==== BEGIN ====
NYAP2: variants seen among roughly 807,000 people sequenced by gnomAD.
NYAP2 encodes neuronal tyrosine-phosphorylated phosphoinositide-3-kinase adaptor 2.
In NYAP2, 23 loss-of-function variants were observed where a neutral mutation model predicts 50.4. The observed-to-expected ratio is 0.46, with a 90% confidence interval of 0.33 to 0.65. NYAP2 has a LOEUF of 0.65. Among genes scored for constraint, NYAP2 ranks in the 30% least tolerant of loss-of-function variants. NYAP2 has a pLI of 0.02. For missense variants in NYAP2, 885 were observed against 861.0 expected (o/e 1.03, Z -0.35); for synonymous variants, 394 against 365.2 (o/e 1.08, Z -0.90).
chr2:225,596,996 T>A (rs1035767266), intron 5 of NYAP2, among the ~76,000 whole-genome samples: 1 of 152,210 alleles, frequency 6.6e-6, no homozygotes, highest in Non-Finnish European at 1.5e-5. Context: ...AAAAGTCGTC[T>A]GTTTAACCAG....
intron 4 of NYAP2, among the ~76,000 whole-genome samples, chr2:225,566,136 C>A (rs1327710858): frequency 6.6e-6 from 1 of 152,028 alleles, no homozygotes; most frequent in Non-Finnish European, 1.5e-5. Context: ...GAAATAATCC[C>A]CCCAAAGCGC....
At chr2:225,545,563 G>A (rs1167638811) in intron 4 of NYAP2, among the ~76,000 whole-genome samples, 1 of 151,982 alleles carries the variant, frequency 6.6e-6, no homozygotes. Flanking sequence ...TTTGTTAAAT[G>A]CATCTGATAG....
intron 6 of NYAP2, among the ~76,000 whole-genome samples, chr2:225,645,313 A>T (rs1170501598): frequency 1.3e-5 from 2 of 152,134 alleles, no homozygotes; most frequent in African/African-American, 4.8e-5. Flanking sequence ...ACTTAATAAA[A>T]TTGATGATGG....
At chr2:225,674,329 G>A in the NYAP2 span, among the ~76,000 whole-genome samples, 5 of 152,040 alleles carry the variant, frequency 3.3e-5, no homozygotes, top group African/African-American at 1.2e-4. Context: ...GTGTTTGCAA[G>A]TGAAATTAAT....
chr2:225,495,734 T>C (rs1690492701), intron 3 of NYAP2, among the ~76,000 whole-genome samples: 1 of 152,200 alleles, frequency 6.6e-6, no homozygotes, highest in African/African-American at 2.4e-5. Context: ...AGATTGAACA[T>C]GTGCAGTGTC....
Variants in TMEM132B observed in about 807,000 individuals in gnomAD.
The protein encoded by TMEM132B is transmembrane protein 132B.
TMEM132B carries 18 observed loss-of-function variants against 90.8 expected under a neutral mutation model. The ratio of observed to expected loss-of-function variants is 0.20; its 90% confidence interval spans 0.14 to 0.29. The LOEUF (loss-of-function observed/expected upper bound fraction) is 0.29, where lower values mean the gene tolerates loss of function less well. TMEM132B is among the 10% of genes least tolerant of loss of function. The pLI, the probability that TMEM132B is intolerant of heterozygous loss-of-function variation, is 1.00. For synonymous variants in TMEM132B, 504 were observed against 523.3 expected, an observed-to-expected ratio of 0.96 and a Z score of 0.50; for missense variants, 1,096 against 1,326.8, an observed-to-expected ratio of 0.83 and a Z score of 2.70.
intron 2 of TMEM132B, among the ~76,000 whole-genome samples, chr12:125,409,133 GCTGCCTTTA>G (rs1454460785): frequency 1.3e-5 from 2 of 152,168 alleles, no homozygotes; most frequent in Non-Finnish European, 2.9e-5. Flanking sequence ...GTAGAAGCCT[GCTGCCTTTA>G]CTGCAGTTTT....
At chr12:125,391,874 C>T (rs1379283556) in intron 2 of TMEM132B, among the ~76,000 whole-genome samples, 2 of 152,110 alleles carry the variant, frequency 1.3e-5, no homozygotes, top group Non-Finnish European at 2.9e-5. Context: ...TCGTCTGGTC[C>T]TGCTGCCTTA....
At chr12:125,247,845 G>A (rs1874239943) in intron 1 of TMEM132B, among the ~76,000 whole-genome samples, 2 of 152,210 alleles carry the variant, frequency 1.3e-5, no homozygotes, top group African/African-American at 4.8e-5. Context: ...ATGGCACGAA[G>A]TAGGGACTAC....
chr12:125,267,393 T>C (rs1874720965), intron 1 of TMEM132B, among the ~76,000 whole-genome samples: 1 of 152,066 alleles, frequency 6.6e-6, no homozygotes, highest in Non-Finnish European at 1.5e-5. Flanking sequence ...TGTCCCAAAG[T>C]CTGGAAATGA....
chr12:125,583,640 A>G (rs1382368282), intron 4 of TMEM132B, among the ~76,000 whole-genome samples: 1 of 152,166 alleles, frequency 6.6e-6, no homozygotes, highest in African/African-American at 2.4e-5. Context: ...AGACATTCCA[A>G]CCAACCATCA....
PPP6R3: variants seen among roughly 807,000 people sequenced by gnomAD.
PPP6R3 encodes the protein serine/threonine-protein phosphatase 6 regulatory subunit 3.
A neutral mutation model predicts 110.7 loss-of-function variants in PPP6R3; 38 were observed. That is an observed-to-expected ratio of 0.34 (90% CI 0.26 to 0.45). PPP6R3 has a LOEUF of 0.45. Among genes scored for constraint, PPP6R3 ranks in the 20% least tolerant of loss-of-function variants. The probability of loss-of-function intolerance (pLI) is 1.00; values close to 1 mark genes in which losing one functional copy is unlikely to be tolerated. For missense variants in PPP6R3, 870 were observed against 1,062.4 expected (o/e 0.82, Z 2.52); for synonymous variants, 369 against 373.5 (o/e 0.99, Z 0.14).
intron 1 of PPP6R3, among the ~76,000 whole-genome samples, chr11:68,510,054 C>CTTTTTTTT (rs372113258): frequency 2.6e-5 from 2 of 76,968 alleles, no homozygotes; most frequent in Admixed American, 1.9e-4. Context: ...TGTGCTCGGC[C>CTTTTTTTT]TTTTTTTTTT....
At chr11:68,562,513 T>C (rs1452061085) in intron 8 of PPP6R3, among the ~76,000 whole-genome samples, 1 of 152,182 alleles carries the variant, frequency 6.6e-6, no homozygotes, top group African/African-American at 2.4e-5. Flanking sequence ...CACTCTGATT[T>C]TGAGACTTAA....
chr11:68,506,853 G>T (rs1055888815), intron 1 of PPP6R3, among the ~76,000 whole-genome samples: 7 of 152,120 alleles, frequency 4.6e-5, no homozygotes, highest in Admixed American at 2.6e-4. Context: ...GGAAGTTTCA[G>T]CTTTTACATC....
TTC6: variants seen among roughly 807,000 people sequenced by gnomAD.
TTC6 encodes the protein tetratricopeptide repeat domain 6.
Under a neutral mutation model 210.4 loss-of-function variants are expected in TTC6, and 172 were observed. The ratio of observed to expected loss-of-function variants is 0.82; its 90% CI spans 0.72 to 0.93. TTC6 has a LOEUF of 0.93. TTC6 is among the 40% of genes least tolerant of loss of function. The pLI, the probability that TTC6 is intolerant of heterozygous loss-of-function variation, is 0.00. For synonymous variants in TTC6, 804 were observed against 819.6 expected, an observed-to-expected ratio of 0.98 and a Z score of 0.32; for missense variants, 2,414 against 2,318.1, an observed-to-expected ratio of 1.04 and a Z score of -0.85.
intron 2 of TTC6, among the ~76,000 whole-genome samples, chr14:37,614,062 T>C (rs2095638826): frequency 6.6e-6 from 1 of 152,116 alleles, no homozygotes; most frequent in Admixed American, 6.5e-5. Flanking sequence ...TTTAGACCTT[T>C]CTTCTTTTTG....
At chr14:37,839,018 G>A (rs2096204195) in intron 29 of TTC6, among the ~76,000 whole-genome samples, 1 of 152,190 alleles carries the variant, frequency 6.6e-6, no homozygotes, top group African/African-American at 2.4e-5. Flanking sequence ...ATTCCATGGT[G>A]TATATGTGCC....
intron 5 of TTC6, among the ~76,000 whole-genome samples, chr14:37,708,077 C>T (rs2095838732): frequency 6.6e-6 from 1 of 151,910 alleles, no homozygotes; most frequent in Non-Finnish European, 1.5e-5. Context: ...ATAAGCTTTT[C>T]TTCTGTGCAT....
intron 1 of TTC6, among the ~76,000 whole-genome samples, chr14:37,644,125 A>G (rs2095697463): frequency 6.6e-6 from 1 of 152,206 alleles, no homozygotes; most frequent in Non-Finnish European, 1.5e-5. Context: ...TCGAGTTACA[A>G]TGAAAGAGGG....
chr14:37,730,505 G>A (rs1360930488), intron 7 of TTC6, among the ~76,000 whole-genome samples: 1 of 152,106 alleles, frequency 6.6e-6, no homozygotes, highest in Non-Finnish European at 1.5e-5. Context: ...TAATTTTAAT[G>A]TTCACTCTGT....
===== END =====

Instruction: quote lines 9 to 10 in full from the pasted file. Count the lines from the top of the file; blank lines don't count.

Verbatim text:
chr2:225,495,734 T>C (rs1690492701), intron 3 of NYAP2, among the ~76,000 whole-genome samples: 1 of 152,200 alleles, frequency 6.6e-6, no homozygotes, highest in African/African-American at 2.4e-5. Context: ...AGATTGAACA[T>C]GTGCAGTGTC....
Variants in TMEM132B observed in about 807,000 individuals in gnomAD.